For many Australian children, sitting around the dinner table with their family is a foreign concept. But there’s a movement to reinstate the family dinner, in a bid to reconnect children and their parents.
A recent study has found that the traditional family dinner is dying a slow death, with one in five Britons never sitting around the table to eat together. And unfortunately, the news appears just as dire in Australia. But is it that important to have a daily family meal around the dinner table?
Australian organisation Back to the Table is championing the reintroduction of a family dinner. Brett Ryan, CEO of Focus on the Family Australia, which is behind the Back to the Table movement, believes many of the challenges faced by Australians could be improvement by interacting more with family members.
“Although I don’t have accurate figures in Australia, anecdotally I speak to a number of secondary students every year and often ask for a show of hands of “how many of (them) have regular meals together with their family”? It would not be uncommon to see the majority, as many as 70 per cent do not. Parents are missing this incredible opportunity to build healthy relationships with their kids and vice versa,” Brett tells Babyology.
The British survey, which was conducted by restaurant chain Table Table, found that more than one third of people spent two hours weekly eating with their partner, after the children have been put to bed. It also found that television shows are the most common topic of discussion at dinnertime.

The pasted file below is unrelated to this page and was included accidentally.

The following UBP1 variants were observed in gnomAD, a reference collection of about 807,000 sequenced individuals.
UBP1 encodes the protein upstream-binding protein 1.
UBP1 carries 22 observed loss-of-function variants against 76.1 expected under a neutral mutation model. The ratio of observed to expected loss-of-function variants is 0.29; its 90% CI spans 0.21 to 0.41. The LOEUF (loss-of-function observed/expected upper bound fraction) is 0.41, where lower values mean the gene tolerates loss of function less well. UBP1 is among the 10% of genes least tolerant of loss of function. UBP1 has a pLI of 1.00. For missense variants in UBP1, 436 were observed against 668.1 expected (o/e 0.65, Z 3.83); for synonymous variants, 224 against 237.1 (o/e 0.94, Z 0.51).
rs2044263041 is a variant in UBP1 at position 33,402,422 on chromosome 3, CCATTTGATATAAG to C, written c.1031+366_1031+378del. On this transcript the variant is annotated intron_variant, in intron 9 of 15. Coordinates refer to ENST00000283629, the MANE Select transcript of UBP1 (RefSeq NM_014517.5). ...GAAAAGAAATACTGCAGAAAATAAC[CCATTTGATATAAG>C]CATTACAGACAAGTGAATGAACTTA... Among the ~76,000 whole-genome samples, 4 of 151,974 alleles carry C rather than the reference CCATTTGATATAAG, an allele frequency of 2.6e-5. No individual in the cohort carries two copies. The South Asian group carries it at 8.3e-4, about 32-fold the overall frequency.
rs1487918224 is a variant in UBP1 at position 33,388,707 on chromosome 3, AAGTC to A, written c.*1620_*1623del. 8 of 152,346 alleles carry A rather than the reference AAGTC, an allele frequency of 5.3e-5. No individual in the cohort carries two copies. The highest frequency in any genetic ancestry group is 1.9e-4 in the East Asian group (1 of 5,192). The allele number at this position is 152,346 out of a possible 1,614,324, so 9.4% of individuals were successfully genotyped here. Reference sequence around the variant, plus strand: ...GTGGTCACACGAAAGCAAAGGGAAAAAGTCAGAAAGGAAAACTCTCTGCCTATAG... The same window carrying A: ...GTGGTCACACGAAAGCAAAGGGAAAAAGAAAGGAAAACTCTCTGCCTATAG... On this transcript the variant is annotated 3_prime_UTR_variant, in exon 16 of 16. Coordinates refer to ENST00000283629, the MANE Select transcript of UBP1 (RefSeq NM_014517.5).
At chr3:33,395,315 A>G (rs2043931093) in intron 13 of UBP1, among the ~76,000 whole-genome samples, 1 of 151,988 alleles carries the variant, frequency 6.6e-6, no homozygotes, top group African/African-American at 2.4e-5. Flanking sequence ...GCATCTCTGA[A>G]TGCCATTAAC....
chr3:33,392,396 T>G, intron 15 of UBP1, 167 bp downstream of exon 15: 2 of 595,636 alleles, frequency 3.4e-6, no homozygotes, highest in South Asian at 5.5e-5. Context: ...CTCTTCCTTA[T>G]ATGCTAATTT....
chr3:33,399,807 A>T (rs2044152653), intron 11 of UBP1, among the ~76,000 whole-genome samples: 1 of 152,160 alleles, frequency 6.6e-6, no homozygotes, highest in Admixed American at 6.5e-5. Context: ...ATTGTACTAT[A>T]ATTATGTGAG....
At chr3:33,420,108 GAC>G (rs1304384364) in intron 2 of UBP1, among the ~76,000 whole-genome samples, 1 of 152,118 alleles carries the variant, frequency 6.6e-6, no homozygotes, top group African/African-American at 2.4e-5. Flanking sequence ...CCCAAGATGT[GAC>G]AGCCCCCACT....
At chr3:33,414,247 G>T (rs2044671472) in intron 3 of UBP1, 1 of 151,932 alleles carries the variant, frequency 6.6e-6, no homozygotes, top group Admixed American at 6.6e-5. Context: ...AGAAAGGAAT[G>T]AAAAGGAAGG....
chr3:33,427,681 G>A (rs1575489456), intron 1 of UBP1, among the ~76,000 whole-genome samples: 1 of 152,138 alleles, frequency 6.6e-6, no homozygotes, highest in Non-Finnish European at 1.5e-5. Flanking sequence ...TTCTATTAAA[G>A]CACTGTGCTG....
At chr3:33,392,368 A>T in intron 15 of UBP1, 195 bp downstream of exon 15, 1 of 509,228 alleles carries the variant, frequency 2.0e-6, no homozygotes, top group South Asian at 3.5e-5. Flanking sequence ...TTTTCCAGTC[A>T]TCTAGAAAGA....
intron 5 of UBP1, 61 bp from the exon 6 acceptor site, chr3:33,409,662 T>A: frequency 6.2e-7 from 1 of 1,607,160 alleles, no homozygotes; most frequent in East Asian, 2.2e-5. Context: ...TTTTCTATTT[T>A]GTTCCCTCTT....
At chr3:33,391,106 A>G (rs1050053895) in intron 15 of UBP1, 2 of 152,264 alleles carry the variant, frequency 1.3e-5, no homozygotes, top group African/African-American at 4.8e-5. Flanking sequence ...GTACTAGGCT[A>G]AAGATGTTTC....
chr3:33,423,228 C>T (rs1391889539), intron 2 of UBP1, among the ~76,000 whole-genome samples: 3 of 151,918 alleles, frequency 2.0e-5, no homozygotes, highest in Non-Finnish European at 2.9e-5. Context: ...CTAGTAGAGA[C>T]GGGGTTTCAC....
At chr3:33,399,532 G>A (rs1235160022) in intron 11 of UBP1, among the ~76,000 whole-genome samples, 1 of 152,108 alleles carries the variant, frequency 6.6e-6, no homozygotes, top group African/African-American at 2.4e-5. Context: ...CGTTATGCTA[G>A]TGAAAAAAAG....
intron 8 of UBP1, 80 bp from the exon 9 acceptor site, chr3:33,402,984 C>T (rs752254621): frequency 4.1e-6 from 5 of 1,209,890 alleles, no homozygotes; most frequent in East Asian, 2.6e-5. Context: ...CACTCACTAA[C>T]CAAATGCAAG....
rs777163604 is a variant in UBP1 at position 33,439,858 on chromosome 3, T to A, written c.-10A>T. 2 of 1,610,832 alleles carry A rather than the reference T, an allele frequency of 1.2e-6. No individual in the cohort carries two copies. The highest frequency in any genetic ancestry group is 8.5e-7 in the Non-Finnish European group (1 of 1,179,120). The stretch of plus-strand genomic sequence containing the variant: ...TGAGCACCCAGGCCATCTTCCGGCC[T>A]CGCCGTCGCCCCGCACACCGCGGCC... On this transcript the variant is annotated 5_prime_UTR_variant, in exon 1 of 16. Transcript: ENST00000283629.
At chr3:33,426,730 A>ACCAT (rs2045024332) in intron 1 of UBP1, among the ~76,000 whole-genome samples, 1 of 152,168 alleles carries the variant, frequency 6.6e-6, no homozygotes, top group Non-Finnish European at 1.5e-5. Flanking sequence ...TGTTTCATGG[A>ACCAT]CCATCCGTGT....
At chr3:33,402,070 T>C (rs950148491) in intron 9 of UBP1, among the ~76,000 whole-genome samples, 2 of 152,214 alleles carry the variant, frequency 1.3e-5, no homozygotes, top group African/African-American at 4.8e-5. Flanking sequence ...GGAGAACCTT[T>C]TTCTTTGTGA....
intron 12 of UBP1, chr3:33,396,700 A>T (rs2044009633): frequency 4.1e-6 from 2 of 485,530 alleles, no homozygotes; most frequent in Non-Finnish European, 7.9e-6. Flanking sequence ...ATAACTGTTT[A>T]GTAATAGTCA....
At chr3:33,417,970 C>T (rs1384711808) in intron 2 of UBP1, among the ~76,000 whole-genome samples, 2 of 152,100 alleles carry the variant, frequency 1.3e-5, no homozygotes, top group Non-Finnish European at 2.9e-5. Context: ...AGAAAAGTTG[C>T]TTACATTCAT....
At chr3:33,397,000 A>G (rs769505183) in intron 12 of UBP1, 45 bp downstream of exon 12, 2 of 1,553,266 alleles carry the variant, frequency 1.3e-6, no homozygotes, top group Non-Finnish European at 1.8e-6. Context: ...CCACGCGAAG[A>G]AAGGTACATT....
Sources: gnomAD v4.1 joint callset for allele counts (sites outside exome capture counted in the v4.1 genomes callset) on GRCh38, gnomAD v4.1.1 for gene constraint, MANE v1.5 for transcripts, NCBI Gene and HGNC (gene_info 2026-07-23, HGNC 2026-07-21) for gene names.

Back to the Table has some advice for making dinnertime a place to engage children.
“The table…should not be a place of lecturing, or feel like a ‘Spanish Inquisition’, many parents can fall into this trap. There is a time and place for that but would recommend it not to be around the dinner table. Our tone and volume as parents will determine the level of trust in the conversation. The table can also be a great place for questions to be asked about anything? Your kids need to know that you will not react, even to the more sensitive and potentially embarrassing ones,” says Brett.
Other studies show that eating together isn’t as nutritionally important as ensuring children eat the same food as the adults in the home. Scottish researchers found that the main predictor for healthy eating among children was eating the same food as the rest of the family, not necessarily eating together at the dinner table. It found children were more likely to eat more fruit and vegetables and less fatty and salty foods and snacks if they ate the same meals as the parents instead of “child-friendly” fare.